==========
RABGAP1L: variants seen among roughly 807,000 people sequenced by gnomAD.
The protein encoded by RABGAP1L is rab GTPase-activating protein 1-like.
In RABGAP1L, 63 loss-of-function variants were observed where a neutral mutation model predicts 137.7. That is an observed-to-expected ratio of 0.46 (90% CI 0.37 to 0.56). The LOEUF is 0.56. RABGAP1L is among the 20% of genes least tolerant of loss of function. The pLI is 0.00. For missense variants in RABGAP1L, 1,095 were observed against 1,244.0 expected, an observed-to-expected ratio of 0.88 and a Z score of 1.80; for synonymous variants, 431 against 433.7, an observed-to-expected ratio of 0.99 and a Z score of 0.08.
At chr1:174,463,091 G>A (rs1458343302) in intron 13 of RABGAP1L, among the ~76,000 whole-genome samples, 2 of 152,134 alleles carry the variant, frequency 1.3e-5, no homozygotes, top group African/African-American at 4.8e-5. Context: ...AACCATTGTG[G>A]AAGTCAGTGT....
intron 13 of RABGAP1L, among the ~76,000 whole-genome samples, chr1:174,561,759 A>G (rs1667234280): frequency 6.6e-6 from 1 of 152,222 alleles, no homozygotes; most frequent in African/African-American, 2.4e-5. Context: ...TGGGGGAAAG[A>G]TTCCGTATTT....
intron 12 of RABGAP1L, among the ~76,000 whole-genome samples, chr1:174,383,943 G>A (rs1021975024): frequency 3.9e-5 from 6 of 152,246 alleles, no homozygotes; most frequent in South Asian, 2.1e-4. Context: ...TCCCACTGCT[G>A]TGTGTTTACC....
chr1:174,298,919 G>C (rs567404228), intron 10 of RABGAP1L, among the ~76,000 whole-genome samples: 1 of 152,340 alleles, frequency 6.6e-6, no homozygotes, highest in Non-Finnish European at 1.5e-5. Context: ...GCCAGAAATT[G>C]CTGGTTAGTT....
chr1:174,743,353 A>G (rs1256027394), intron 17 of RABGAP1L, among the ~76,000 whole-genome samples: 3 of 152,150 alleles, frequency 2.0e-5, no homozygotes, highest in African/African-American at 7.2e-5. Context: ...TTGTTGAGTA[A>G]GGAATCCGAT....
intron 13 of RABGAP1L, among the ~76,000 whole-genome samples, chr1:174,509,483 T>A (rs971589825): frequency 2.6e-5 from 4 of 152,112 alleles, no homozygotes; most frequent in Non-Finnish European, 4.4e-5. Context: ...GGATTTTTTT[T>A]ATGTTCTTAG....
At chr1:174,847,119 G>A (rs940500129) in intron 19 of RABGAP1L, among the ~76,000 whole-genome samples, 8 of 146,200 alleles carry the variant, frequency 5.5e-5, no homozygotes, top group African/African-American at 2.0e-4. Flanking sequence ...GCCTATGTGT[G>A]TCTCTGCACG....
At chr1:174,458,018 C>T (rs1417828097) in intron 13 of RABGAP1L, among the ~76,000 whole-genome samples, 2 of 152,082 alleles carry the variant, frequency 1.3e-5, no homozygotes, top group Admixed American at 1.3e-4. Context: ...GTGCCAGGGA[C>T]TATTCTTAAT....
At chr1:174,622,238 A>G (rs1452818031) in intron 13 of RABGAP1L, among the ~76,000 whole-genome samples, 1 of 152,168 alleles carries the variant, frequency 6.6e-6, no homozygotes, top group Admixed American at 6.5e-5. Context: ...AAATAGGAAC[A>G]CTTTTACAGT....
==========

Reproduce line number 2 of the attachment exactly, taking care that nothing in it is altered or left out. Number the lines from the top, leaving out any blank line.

The protein encoded by RABGAP1L is rab GTPase-activating protein 1-like.